O Dduw hollalluog, rwyt ti’n bresennol trwy’r holl fydysawd
ac yn y lleiaf o’th greaduriaid.
Rwyt ti’n cofleidio’n dyner bob dim sy’n bodoli.
Tywallt arnom rym dy gariad
er mwyn inni warchod bywyd a harddwch.
Llenwa ni â’th dangnefedd er mwyn inni fyw
fel brodyr a chwiorydd, heb ddrygu neb.
A Reflection on the Gift of Human Life
Paula has profound intellectual and multiple disabilities and she spends much of her time rocking gently, smiling and looking around her. She cannot talk but she clearly loves to sit outside in her wheelchair, in spontaneous appreciation, listening to the birds, feeling the warmth of the sun and the cool of the wind, taking in the scent of the flowers. Just watching the world go by. Above all, she loves people to come and sit with her. As Jean Vanier, the founder of L’Arche says, people like Paula live by the heart.
Paula reminds us all, especially very busy people, to stop and see that God has given us so many gifts, and often the most wondrous gifts are the simple ones that we take for granted. It is also easy to overlook or ignore or indeed think less of people who rely on the heart, who do not seem to be ‘like us’ because of disability, age, vulnerability or frailty.
In Luke’s Gospel, the disciples come to a crucial turning point as Jesus asks them, “who do you say I am?”. Peter’s reply, you are “the Christ” is inspired and spontaneous. It is from the heart. People like Paula ask simply by their presence, “who do you say I am?”. The response is also inspired: each human being, whatever his or her capacities, is wonderfully made in the image of God and as St Paul tells the Galatians, all the baptised are one in Christ. There is no ‘us’ and ‘them’.
In his encyclical on ecology, Laudato ‘si, Pope Francis points out that we are deeply connected to the world around us. However, he adds that “a sense of deep communion with the rest of nature cannot be real if our hearts lack tenderness, compassion and concern for our fellow human beings.” The Pope says that “we have only one heart” because ecology is also human ecology. An attitude of the heart allows us to see the world around us with wonder and as grace filled, so that all creation is alive to the glory of God. And the heart reminds us that every human being is a Christ for the other.
Please support this vital work in any way you can. Donations assist the work of the Anscombe Bioethics Centre and other life-related activities supported by the Church.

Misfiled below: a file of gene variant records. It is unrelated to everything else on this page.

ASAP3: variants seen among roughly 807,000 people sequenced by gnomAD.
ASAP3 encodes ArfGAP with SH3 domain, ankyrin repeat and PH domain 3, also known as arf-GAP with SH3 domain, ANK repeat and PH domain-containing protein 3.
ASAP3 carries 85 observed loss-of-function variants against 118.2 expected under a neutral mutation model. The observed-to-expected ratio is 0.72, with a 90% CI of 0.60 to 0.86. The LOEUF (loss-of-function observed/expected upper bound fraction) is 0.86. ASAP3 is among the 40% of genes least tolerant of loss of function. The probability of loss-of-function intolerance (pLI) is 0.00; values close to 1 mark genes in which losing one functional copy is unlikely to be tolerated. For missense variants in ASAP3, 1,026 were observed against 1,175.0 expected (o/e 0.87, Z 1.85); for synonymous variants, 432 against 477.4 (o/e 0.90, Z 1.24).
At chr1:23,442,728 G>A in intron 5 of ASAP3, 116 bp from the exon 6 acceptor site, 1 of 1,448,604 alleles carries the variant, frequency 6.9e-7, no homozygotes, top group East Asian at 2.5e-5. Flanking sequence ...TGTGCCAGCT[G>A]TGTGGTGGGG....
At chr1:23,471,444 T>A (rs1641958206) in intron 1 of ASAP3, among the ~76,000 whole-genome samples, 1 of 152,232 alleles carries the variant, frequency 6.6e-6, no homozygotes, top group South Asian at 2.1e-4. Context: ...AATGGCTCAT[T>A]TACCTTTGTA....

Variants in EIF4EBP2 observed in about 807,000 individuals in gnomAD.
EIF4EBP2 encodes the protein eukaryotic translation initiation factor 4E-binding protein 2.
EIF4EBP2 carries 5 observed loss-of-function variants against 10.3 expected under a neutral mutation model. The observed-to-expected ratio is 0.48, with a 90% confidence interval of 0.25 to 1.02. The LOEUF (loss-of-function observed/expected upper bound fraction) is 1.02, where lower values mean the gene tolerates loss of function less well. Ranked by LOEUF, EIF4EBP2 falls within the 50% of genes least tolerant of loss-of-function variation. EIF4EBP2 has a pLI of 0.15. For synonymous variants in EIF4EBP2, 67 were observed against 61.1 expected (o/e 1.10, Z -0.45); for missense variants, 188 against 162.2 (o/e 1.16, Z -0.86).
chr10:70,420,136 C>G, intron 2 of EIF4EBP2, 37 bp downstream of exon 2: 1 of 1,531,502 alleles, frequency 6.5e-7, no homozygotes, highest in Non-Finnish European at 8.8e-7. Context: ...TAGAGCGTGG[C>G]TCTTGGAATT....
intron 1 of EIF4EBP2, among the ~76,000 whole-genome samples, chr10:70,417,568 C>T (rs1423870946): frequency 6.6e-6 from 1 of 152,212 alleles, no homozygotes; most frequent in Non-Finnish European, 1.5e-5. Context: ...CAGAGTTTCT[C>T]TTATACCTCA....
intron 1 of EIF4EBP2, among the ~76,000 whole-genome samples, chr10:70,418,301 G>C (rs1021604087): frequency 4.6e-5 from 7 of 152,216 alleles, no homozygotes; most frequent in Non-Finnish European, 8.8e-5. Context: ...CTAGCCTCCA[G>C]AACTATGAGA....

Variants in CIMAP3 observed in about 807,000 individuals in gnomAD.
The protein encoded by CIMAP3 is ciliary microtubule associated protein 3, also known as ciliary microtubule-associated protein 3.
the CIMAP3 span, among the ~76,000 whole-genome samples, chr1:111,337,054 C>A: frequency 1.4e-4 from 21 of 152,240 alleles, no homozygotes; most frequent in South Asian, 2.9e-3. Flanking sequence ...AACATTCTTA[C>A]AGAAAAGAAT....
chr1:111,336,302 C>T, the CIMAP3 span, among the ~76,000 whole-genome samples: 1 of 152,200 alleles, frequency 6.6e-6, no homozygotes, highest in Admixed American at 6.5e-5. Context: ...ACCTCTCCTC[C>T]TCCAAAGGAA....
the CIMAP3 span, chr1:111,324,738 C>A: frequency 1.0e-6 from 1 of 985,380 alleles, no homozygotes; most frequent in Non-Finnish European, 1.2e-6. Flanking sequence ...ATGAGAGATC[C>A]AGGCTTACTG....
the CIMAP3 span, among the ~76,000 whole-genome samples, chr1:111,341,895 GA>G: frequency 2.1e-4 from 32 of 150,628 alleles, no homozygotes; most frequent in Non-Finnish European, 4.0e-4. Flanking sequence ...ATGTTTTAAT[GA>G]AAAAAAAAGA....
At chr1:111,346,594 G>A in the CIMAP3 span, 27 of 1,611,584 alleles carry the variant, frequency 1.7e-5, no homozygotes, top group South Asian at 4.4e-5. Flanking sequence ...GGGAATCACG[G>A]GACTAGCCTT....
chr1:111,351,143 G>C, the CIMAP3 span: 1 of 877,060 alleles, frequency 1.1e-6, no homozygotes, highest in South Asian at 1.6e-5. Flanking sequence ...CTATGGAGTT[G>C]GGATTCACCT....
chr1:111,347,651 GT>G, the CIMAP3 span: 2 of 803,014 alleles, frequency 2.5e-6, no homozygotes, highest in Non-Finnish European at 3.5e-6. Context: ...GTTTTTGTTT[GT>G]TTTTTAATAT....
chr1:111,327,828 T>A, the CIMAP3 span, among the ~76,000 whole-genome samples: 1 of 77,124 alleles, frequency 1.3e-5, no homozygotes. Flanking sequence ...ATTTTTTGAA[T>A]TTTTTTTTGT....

Prayer – Blessed is the fruit of your womb
We thank you, Lord, for the gift of life.
Every human life is your gift to the world.
Each person is unique, with a task you have entrusted to them alone.
Help us always to promote the basic rights of all,
and to recognise that we are all parts of one body,
dependent on one another,
and called to share a common life.
Spiritual Care of the Dying
This publication was written by a working group commissioned by the Catholic Bishops’ Conference of England and Wales to assist healthcare staff in the provision of spiritual care.
Contributors include: Dr Catherine Gleeson, Consultant in Palliative Medicine, Dr David Jones, Director of the Anscombe Bioethics Centre; Bishop Paul Mason, former Chaplain at Guy’s and St Thomas’ NHS Foundation Trust and now Auxiliary Bishop of Southwark and Rev Dr James Hanvey SJ, Master of Campion Hall, University of Oxford.
Meeting the Pastoral Needs of Catholic Patients
As Christians we believe that every human life is a gift from God and that to live that life fully we must love one another. Illness, whether mental or physical is a part of the human condition and most if not all of us will have to cope with it at some time in our lives. Ill health makes us aware of our human frailty, and calls for a response of love and care, recognising always that to be human is to be body, soul and spirit, and that we are ultimately called by God to follow Our Lord through death to the fullness of life with Him.
This Guide seeks in a practical way to bring this Christian perspective to bear on a number of difficult questions arising in new legislation – the Mental Capacity Act – which came into force in October 2007. The Mental Capacity Act is about all the practical choices that have to be made on behalf of people who cannot make some decisions for themselves. These may be financial decisions, choices about where to live, or how someone is to be cared for. It is the healthcare concerns, viewed in the light of Catholic moral teaching, that are the main focus of this booklet.
The Limits of Human Life
Cherishing Life, the Bishops’ 2004 document on the moral and spiritual well-being of the human person in society, offers clear definitions of subjects concerned with the dignity of life from conception to natural death.
There is a mystery at the heart of each of us that cannot be reduced to our place in society or the talents or qualities we happen to have. Christians express this mystery by saying that every human being has a spiritual ‘soul’ directly created by God. We should always think of soul and life together as in the phrase ‘the life and soul of the party’. The soul is not something extra added to human life, but is what moves and shapes that life.
The human being is neither merely a physical body nor merely a ghost living inside a body. The human being is a living whole, a unity of body and soul. This unity is the foundation of many rights, for instance, the right to religious freedom. People need to express their spiritual lives in bodily ways, through actions, words and gestures, as in the words of Scripture ‘use your body for the glory of God’ (1 Corinthians 6: 20).